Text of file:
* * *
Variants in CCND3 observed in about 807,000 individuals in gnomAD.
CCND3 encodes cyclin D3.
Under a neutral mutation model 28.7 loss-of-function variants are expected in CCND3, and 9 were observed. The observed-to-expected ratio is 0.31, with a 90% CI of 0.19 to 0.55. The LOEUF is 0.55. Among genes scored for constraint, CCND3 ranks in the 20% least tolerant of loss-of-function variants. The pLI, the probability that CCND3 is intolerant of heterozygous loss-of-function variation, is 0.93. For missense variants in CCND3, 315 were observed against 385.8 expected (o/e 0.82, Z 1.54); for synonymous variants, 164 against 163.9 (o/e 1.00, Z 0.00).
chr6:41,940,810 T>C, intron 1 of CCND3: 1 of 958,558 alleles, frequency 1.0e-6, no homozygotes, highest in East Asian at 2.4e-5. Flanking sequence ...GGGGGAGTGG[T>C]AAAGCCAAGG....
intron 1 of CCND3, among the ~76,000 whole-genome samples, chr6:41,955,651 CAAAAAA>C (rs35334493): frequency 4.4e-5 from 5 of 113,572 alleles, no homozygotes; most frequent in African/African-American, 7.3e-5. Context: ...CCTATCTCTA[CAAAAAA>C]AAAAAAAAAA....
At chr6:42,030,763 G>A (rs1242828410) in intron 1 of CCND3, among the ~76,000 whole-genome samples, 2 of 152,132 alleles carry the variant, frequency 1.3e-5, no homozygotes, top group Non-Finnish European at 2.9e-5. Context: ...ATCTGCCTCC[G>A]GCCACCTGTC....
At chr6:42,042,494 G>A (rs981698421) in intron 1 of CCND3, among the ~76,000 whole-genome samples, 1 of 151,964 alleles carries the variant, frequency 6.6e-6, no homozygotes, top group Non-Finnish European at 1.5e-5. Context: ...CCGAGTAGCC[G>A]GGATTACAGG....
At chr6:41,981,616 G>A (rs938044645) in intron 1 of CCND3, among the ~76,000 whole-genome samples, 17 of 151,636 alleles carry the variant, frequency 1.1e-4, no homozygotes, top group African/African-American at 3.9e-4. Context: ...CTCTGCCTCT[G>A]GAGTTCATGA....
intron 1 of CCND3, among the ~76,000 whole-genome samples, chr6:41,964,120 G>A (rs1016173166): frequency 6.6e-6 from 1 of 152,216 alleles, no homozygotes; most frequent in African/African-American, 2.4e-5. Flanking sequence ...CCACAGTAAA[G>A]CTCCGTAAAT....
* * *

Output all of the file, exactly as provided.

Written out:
Variants in CCND3 observed in about 807,000 individuals in gnomAD.
CCND3 encodes cyclin D3.
Under a neutral mutation model 28.7 loss-of-function variants are expected in CCND3, and 9 were observed. The observed-to-expected ratio is 0.31, with a 90% CI of 0.19 to 0.55. The LOEUF is 0.55. Among genes scored for constraint, CCND3 ranks in the 20% least tolerant of loss-of-function variants. The pLI, the probability that CCND3 is intolerant of heterozygous loss-of-function variation, is 0.93. For missense variants in CCND3, 315 were observed against 385.8 expected (o/e 0.82, Z 1.54); for synonymous variants, 164 against 163.9 (o/e 1.00, Z 0.00).
chr6:41,940,810 T>C, intron 1 of CCND3: 1 of 958,558 alleles, frequency 1.0e-6, no homozygotes, highest in East Asian at 2.4e-5. Flanking sequence ...GGGGGAGTGG[T>C]AAAGCCAAGG....
intron 1 of CCND3, among the ~76,000 whole-genome samples, chr6:41,955,651 CAAAAAA>C (rs35334493): frequency 4.4e-5 from 5 of 113,572 alleles, no homozygotes; most frequent in African/African-American, 7.3e-5. Context: ...CCTATCTCTA[CAAAAAA>C]AAAAAAAAAA....
At chr6:42,030,763 G>A (rs1242828410) in intron 1 of CCND3, among the ~76,000 whole-genome samples, 2 of 152,132 alleles carry the variant, frequency 1.3e-5, no homozygotes, top group Non-Finnish European at 2.9e-5. Context: ...ATCTGCCTCC[G>A]GCCACCTGTC....
At chr6:42,042,494 G>A (rs981698421) in intron 1 of CCND3, among the ~76,000 whole-genome samples, 1 of 151,964 alleles carries the variant, frequency 6.6e-6, no homozygotes, top group Non-Finnish European at 1.5e-5. Context: ...CCGAGTAGCC[G>A]GGATTACAGG....
At chr6:41,981,616 G>A (rs938044645) in intron 1 of CCND3, among the ~76,000 whole-genome samples, 17 of 151,636 alleles carry the variant, frequency 1.1e-4, no homozygotes, top group African/African-American at 3.9e-4. Context: ...CTCTGCCTCT[G>A]GAGTTCATGA....
intron 1 of CCND3, among the ~76,000 whole-genome samples, chr6:41,964,120 G>A (rs1016173166): frequency 6.6e-6 from 1 of 152,216 alleles, no homozygotes; most frequent in African/African-American, 2.4e-5. Flanking sequence ...CCACAGTAAA[G>A]CTCCGTAAAT....